Doctors have excellent treatments for skin fungus infections that occur on the feet, nails, groin, hands and other locations. Unfortunately, there is a strong tendency for fungal infections to recur in many people even after effective clearing with medication. This is because we all have our strengths and weaknesses. Some people are prone to allergies. Others get lots of colds. Others get stomach ulcers. And some people are prone to recurrent skin fungus infections.
The tendency for fungus to recur in many adults, especially on the feet and toenails, is a genetic condition. Their skin cannot recognize the fungus as foreign and get rid of it. After having a fungus there for a while the body's immune system learns to live with the fungus and no longer tries to get rid of it.
Children only rarely get fungal infections of the feet, especially before the age of five. Their bodies still react vigorously to the fungus. For some reason, they are more likely to get it on the scalp than adults are.
Fungus is all around us, on floors, in dirt, and on other people. It is hard to avoid forever. It likes warmth and moisture, making certain parts of the skin more vulnerable. A fungus is a superficial skin problem, not an internal one. It does not spread by going inside the body. Cortisone creams, tried by many patients, help fungus grow! The rash may get less red and itchy at first, but spreads out and recurs, itchier than ever, when the cortisone is stopped.
A fungus sheds "spores", like tiny seeds, which wait for the right moment to grow into new fungus. The most common place for these spores to collect is in shoes. Therefore, after effective treatment, a fungus may recur quickly where spores are present. Fungus doesn't care what color the socks are. White socks offer no advantage. Absorbent cotton or wool socks are best.
Some Rules for Prevention: Remember, nothing works one hundred per cent. Try combinations of these ideas.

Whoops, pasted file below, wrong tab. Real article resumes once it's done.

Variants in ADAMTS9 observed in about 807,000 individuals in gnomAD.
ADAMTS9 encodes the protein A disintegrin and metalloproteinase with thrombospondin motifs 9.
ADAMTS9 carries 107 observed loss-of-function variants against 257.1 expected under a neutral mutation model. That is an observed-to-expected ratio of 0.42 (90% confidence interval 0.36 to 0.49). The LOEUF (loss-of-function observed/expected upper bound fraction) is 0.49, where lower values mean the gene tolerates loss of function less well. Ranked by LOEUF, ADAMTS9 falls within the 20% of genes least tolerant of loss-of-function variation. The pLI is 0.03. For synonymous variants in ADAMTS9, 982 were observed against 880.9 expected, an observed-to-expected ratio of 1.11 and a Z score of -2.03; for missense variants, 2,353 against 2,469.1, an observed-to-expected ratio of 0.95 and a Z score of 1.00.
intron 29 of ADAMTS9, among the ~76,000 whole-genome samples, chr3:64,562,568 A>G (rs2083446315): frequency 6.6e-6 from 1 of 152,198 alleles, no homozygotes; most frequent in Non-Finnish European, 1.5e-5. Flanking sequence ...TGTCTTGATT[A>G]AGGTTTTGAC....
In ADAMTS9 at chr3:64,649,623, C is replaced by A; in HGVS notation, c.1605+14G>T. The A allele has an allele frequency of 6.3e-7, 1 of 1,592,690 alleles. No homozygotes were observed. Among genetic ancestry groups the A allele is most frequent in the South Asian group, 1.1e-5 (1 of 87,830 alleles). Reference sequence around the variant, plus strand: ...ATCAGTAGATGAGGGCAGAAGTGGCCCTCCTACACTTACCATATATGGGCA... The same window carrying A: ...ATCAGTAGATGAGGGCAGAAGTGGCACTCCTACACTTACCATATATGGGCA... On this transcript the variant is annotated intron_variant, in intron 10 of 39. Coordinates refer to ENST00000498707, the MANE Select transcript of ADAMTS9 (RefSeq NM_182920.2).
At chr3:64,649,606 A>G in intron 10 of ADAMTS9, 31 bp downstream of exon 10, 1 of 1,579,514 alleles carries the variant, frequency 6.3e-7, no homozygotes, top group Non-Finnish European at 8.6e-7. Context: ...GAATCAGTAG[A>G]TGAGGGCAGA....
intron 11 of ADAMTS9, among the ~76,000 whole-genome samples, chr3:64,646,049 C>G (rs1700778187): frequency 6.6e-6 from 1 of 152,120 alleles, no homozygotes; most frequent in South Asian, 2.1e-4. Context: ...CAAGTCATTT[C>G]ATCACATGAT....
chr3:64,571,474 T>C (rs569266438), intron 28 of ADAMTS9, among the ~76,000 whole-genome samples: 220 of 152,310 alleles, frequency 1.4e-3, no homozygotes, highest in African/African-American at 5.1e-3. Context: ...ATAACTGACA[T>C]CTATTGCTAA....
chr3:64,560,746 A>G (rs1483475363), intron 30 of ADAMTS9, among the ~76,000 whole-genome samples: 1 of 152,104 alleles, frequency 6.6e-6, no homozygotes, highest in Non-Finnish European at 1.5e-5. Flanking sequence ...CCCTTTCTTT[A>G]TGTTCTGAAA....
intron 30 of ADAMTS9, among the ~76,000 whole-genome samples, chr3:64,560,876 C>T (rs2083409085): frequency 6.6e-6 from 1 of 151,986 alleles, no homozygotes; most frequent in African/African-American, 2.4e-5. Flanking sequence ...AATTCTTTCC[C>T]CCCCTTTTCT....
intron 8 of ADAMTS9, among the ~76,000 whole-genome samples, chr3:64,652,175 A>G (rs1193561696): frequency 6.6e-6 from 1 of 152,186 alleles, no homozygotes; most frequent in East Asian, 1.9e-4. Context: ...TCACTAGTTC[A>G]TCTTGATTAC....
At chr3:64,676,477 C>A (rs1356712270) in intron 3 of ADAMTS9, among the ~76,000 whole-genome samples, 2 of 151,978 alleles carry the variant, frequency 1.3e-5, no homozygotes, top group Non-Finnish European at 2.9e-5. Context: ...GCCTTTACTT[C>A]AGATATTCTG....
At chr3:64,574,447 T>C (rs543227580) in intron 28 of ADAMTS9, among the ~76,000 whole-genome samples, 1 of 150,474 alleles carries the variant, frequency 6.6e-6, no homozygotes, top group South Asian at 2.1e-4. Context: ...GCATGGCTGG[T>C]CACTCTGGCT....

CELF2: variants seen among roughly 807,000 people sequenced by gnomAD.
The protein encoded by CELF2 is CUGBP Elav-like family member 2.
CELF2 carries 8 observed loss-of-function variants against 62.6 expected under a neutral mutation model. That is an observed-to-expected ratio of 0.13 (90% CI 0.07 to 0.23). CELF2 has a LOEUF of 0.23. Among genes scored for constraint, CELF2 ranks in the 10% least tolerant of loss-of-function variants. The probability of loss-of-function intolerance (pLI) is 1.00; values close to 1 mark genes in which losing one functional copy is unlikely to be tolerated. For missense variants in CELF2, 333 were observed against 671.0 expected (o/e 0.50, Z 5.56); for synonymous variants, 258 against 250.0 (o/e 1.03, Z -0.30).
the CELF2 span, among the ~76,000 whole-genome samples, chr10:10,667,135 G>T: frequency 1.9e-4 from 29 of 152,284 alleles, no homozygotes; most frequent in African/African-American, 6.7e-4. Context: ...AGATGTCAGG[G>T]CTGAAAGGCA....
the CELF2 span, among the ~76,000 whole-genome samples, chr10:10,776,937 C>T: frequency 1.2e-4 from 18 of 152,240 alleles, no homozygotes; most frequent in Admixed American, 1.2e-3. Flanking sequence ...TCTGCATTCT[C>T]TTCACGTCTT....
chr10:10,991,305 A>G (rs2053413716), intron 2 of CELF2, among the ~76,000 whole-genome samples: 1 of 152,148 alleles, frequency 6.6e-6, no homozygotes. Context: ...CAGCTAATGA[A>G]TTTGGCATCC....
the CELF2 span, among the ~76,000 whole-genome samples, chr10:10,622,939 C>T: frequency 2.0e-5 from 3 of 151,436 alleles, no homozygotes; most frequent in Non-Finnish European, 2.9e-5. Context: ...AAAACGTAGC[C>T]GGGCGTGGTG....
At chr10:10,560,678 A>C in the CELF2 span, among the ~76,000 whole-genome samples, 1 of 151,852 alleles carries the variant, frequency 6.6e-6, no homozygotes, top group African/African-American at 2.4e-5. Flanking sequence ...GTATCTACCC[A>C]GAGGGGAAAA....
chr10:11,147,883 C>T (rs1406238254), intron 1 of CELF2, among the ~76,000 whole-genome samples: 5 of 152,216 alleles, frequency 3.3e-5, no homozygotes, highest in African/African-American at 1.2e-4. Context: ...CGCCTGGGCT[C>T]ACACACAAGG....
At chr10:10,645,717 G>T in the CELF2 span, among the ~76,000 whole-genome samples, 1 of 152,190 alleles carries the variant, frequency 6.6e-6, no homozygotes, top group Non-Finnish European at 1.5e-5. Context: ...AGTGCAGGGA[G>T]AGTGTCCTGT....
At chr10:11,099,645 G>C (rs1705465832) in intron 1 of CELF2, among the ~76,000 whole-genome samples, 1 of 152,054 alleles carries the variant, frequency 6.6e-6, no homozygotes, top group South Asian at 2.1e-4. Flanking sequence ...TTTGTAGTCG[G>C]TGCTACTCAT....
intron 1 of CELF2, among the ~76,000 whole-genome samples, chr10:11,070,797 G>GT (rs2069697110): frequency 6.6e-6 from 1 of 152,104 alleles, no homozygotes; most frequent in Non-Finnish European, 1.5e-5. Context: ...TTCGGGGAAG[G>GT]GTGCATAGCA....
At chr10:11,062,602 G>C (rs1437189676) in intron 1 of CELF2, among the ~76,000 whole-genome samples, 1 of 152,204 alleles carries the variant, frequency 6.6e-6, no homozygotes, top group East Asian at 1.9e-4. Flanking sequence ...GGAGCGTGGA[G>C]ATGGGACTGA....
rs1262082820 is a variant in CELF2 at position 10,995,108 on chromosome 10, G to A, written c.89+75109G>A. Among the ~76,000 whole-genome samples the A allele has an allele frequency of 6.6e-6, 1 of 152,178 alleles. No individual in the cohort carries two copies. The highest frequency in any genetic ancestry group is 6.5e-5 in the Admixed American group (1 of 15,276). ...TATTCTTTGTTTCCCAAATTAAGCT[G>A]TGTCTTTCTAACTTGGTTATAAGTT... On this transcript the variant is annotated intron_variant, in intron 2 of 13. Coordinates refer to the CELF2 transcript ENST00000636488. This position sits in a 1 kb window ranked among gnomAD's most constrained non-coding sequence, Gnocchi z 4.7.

Use the medicine completely and as recommended. The fungus may till be present long after it is no longer visible as a rash.
Keep feet clean, cool and dry. Change socks. Wear shoes that "breathe" like leather, rather than plastic.
Make sure shoes fit correctly and are not too tight.
Apply an anti-fungal cream, like Lotrimin or Lamisil, or a prescription antifungal cream to the bottom of the feet, and on the nails, about twice a week. This may help prevent early re-growth of the fungus. In some cases, an oral medication may be prescribed.
Avoid walking barefoot, especially in bathrooms, locker rooms, gyms, on carpeting, and in public bathing areas. Wear slippers or stand on a towel or piece of paper.
Keep toenails short, cut straight across and avoid ingrown nails. Do not use the same clippers on abnormal nails and normal nails.
Family members and close personal contacts should treat any fungus infections they may have to avoid trading back and forth.
Apply an anti-fungal powder, like Zeasorb-AF to the shoes every day, to keep spores from growing.
Discard old shoes, boots, slippers and sneakers. Do not share footwear with others.
If one has had a body fungus, in the groin or elsewhere on the skin, consider using an anti-dandruff shampoo, like Selsun Blue on this area twice a month. Lather up and leave it on the skin for about five minutes, then wash off completely. In some cases a preventive medication may be prescribed.
The medical information provided in this site is for educational purposes only and is the property of the American Osteopathic College of Dermatology. It is not intended nor implied to be a substitute for professional medical advice and shall not create a physician - patient relationship. If you have a specific question or concern about a skin lesion or disease, please consult a dermatologist. Any use, re-creation, dissemination, forwarding or copying of this information is strictly prohibited unless expressed written permission is given by the American Osteopathic College of Dermatology.